It was around the beginning of April, so about 3 weeks into the “declared pandemic” and I called my husband and said we need a bigger garden and I want chickens. I had been telling him everything I was finding and he agreed right away. The talk of being more self-sufficient and not relying on the system sounded more and more appealing. Once we got chickens and a bigger garden we could already see the pay off on not only our health, but our mental health. Having that sense of control was huge during that time.
Since then we have only grown. Not only on our farm, with meat chickens, pigs and even more cattle, but also as a family, Our second son was born in 2021. We now have a deep desire to help others on their homesteading/self sufficiency journey. Teaching what we know about food preservation, holistic health, herbalism, baking, from scratch cooking, and all things regenerative farming. We have changed many practices on our farm including rotational grazing, 100% grass-fed beef, and no corn or soy feed for our chickens and pigs. We even started grinding our own feed. We are constantly learning, but taking people along with us. It’s one of the biggest blessings to us right now.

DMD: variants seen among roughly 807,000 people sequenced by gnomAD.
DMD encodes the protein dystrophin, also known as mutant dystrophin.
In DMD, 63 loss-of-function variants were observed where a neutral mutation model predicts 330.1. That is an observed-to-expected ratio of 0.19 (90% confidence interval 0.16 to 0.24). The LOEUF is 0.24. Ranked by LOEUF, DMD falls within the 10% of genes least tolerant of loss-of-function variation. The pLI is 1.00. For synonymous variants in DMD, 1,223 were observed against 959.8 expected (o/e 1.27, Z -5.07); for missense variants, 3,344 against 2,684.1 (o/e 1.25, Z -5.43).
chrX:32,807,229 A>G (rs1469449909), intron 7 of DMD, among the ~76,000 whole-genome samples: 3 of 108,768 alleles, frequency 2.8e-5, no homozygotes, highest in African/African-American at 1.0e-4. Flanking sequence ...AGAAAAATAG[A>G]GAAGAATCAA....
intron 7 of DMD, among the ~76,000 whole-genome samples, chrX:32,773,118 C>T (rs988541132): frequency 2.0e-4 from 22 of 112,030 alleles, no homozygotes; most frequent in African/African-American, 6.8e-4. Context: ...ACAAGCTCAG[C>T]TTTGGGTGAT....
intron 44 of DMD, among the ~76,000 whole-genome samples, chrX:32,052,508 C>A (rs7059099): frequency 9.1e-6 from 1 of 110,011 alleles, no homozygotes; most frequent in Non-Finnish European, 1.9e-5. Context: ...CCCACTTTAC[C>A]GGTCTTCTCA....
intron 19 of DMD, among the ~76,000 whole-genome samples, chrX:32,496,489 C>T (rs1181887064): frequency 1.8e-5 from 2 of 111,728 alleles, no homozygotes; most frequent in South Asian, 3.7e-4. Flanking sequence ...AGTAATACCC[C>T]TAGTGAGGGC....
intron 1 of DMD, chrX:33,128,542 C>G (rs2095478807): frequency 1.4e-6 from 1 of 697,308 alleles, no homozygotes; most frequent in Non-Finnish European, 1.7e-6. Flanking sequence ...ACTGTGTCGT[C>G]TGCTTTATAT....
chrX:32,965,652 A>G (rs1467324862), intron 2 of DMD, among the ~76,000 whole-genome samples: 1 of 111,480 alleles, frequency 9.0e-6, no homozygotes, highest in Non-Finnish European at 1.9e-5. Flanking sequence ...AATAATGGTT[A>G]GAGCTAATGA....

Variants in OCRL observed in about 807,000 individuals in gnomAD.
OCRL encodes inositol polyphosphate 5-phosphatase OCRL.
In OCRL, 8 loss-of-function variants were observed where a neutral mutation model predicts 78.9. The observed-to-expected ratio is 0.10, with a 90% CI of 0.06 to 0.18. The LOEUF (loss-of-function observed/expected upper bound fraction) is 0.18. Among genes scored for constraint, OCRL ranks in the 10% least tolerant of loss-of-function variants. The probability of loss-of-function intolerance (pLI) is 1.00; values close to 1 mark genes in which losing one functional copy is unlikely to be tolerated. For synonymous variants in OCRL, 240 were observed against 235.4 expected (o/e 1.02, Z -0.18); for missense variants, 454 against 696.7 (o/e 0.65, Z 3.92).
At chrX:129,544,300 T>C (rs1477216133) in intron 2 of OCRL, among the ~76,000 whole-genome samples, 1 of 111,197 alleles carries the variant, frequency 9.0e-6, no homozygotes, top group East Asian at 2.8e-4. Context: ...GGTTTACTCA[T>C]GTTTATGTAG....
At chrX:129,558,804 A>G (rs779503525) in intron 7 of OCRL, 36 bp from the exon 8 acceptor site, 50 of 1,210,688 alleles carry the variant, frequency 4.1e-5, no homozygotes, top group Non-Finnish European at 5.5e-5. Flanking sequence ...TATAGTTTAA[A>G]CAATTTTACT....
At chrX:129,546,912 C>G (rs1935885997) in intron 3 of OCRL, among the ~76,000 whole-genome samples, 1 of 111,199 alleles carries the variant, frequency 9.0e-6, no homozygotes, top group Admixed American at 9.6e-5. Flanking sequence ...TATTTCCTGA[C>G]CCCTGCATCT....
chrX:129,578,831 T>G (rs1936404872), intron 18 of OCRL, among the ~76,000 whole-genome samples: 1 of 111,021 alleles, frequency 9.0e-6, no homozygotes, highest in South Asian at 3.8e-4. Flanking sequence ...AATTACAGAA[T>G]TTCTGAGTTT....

So, in a world filled with technological advancements and convenience there are still a few of us who want to take life slower and enjoy the old fashioned things. We feel most grounded in nature, with sunsets in the garden, and when we are returning to our roots. We want you to know that you can become more self-sufficient too. No matter where you are. If you’re on a one acre lot, or even living in an apartment! Here are a few ways.
● Cook from scratch
Using your staple items in your fridge and pantry, such as sugar, flour, butter, salt, milk and seasonings, would you know how to make a meal? I think this is vital as far as being self-sufficient goes. Rethink your food my friend! It can taste delicious AND be healthier than ones packed full of preservatives! This is one of the main reasons for my bread journey in 2022.
Here is a small list of things you could make instead of buying in the grocery store.
Rolls and buns
● Grow your own food
I know what you’re thinking, “Sarah, I don’t have acreage.”
Perfect! What a great place to start! Because (and I say this lightly) if you can’t grow an herb in a window seal or balcony, a 18×30 garden is going to be ten times more overwhelming for you. There is no better place to start than small. My first garden was a 2×8 foot watering tank. All you need is a pot, soil, seeds, water, and sunlight. If you have those 5 things then YOU. CAN. DO.